Work-related blog survey

I came across an article today in Big Sky Business Journal that quotes a survey on the public perceptions of work-related blogs.

In the survey they asked 1,000 adults what they thought of work-related blogging. The main findings are as follows:

- 59 per cent of employees believe employers should be allowed to discipline or terminate workers who post confidential or proprietary information concerning the employer

- 55 per cent think employers should be allowed to discipline or terminate employees who post damaging, embarrassing, negative information about the employer

- 23 per cent support fellow workers being free to post criticism or satire about employers, co-workers, supervisors, customers, or clients without fear of discipline.

The survey also looked at the opinion of employees who worked for companies that had blogging policies. The findings are as follows:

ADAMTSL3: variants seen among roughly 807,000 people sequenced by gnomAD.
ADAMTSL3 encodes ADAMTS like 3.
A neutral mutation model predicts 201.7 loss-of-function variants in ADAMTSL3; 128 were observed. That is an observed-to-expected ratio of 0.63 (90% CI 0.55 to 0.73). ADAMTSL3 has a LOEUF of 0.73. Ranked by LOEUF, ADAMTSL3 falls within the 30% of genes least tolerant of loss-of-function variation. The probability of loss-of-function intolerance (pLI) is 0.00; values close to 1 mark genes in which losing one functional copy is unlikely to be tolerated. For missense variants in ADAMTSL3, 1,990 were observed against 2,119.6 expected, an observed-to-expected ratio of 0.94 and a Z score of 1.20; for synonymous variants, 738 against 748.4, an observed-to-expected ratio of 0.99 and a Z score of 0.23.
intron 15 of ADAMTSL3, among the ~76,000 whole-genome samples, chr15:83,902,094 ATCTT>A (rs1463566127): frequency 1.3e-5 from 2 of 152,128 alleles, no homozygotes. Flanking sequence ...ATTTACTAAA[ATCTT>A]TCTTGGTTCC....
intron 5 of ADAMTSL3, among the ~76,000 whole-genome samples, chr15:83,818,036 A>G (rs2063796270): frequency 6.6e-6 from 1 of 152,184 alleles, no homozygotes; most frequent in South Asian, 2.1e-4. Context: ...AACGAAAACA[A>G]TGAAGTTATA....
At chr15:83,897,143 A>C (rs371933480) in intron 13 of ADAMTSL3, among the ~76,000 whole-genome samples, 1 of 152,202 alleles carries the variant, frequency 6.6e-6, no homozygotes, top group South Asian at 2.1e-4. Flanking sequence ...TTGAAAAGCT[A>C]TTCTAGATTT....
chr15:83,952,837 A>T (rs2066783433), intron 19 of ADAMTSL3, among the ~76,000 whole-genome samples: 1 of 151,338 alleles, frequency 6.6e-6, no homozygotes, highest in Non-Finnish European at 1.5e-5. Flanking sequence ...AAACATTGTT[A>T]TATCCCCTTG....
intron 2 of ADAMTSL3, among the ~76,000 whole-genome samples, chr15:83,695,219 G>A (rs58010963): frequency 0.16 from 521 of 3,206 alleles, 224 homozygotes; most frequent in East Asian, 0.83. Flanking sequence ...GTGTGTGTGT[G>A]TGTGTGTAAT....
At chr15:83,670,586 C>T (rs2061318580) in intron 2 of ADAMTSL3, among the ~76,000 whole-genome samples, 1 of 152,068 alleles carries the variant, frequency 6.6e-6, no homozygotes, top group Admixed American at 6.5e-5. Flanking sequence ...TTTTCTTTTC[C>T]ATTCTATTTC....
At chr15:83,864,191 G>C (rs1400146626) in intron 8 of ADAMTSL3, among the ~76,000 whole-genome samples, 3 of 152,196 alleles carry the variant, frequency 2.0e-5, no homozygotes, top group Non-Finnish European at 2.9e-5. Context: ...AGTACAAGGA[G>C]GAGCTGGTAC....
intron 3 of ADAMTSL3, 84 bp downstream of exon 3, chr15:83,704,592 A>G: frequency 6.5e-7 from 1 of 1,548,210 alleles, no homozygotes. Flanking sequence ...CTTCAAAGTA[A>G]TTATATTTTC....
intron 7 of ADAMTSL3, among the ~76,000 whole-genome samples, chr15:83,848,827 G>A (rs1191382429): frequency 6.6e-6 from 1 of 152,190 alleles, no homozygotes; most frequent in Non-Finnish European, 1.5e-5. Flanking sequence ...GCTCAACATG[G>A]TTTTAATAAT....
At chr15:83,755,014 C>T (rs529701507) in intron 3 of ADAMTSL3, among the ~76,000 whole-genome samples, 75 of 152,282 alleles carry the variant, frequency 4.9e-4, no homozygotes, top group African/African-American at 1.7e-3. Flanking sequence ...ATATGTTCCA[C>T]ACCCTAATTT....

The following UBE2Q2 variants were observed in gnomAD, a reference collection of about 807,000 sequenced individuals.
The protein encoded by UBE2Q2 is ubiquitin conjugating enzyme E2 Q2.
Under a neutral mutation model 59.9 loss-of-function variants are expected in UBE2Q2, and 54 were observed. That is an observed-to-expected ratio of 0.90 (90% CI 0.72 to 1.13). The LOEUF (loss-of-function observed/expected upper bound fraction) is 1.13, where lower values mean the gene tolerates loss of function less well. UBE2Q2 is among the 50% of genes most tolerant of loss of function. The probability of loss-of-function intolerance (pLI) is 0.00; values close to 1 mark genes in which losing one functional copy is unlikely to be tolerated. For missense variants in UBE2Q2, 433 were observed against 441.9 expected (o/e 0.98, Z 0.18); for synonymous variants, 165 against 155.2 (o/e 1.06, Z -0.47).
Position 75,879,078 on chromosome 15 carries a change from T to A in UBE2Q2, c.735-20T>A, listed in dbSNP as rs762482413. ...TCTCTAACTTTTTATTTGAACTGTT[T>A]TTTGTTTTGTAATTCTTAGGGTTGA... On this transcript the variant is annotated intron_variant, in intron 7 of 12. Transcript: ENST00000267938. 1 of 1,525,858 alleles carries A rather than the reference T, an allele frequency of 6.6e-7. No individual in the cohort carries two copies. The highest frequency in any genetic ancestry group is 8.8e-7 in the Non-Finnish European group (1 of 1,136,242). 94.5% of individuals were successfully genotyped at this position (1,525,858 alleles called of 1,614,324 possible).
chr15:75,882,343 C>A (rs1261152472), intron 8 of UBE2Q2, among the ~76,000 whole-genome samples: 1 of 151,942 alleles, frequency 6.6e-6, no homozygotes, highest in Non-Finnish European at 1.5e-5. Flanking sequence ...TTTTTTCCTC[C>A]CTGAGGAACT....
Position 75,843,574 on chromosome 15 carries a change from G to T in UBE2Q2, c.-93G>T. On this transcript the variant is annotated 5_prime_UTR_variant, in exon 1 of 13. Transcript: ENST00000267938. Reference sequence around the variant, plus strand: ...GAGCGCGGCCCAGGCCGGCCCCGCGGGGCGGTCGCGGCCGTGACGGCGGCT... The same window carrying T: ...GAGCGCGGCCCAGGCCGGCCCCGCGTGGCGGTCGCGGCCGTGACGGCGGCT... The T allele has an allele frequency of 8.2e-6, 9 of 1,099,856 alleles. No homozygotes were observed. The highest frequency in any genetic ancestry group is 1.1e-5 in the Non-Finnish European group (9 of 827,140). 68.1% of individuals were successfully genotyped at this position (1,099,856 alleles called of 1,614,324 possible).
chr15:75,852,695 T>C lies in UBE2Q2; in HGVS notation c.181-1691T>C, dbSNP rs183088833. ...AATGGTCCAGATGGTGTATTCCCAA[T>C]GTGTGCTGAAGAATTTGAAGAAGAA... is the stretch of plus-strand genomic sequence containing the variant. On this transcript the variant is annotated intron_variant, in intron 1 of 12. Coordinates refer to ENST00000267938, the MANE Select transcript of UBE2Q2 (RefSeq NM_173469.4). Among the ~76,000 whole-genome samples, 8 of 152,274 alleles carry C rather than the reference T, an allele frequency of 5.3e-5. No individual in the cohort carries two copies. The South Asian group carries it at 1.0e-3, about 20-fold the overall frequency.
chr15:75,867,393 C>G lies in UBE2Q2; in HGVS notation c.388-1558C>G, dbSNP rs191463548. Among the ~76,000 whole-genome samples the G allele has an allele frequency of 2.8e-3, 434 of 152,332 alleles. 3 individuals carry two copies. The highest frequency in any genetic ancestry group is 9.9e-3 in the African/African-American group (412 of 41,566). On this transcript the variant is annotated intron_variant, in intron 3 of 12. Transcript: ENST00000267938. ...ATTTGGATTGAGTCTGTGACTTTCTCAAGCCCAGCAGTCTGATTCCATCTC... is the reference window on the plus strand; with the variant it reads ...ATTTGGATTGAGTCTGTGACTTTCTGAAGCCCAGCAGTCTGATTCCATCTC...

- 62 per cent say the policy prohibits posting any employer-related information

- 60 per cent say the policy discourages employees from criticizing or making negative comments against the employer

- 58 per cent say the regulations deal with all blogging regardless of content.

It seems, unsurprisingly, that the survey pre-supposes that work-related blogs are all about breaching confidentiality, promoting negative images of the business, etc. Work-related blogs can contain these elements, but overt instances are very rare, i.e. view the 100s links on my blogroll to see for yourself.

If the survey commissioners had actually done some research on the nature of work-related blogs (i.e. a good start would be my own discussion paper on work-related blogs) then I'm absolutely sure they'd start with different questions and ultimately get different answers.

See As work-related blogs proliferate few employers are prepared for impact for more details.

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